The Jacksonville City Council once again rejected a police and fire-pension reform plan championed by Mayor Alvin Brown.
The proposal was defeated on a 9-9 vote, falling short of the majority needed to pass.
There was a long debate on several amendments that if approved likely would have gotten the legislation approved.
One would have allowed the council body to impose changes to the pension deal if projections of the required annual contribution by the city deviates by more than 10 percent over the 10-year term of the agreement.
The amendment was to be a compromise among council members who wanted only a three-year moratorium on imposing pension changes for current employees. It also was defeated on a 9-9 vote.
Proponents of the three-year period said their major concerns were that three years would be consistent with pension deals in other Florida cities. There were also concerns retirees would live longer than projected thereby increasing pension costs. The compromise was supposed to address that concern. Local Fraternal Order of Police President Gary Oliveras had sent a letter to council members citing a study that showed local police officers on average live 12 fewer years than the general public.
Council President Clay Yarborough voted against the bill but said he would have supported it if the amendment were approved.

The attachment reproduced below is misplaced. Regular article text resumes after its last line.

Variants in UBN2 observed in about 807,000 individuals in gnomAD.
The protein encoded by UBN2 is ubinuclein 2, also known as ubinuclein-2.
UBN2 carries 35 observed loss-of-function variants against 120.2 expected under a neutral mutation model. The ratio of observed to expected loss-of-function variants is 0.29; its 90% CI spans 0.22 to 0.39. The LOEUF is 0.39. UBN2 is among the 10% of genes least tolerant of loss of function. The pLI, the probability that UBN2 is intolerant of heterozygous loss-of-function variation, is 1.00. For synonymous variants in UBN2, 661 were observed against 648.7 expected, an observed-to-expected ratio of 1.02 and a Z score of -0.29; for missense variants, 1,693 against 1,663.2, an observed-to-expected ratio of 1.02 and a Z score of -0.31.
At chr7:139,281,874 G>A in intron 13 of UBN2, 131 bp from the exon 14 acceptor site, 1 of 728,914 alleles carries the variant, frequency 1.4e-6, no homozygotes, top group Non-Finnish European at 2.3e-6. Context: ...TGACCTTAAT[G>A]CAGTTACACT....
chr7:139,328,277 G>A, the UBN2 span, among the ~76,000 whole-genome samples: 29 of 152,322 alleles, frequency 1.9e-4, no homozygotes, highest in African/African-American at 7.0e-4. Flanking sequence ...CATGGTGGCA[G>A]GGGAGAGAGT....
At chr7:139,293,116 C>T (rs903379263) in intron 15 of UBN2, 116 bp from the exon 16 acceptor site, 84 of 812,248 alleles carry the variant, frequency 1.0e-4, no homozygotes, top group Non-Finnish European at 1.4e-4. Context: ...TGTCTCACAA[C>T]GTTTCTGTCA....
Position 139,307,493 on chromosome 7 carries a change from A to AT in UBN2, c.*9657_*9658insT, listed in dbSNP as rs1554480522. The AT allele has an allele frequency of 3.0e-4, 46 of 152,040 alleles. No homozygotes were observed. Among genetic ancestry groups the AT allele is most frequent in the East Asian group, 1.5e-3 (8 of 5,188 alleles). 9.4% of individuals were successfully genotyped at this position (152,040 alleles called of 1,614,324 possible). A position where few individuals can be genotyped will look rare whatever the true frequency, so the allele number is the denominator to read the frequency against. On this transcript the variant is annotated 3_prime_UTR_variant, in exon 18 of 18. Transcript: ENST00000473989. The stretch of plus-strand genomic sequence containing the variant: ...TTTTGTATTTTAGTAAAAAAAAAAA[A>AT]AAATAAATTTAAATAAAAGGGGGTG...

“Several of us tried to compromise and if it had that safety in there about adjusting sometime in the next 10 years, if financial conditions change, I was prepared to vote in favor of it,” he said.
Council members also did not want to tie the hands of future councils with a 10-year deal, but an amendment to reduce the length of the agreement to three years also failed to gain a majority.
Council member John Crescimbeni said he would have voted for the deal if language allowing a Senior Staff Voluntary Retirement Plan to continue was removed. That plan has been sharply criticized and its legality has been questioned.
Councilwoman Denise Lee said she was not interested in voting in any pension reform plan that did not include a funding source.
“The pension crisis is all about the unfunded liability,” she said. “If you don’t have a funding source the issue is still out there. So until you deal with the funding source at least how it’s going to be funded for the next 10 years you haven’t done anything.”
Administration officials expressed frustration over the vote.
Chief of Staff Chris Hand said the nine council members who voted against the deal did a disservice to the community.
“What nine council members did (Wednesday) was an insult to taxpayers and to our very brave first responders,” he said. “This agreement would have saved taxpayers $1.3 million over the next 30 years.”
Hand said Brown will continue to fight for pension reform, saying it is too important for the city’s future.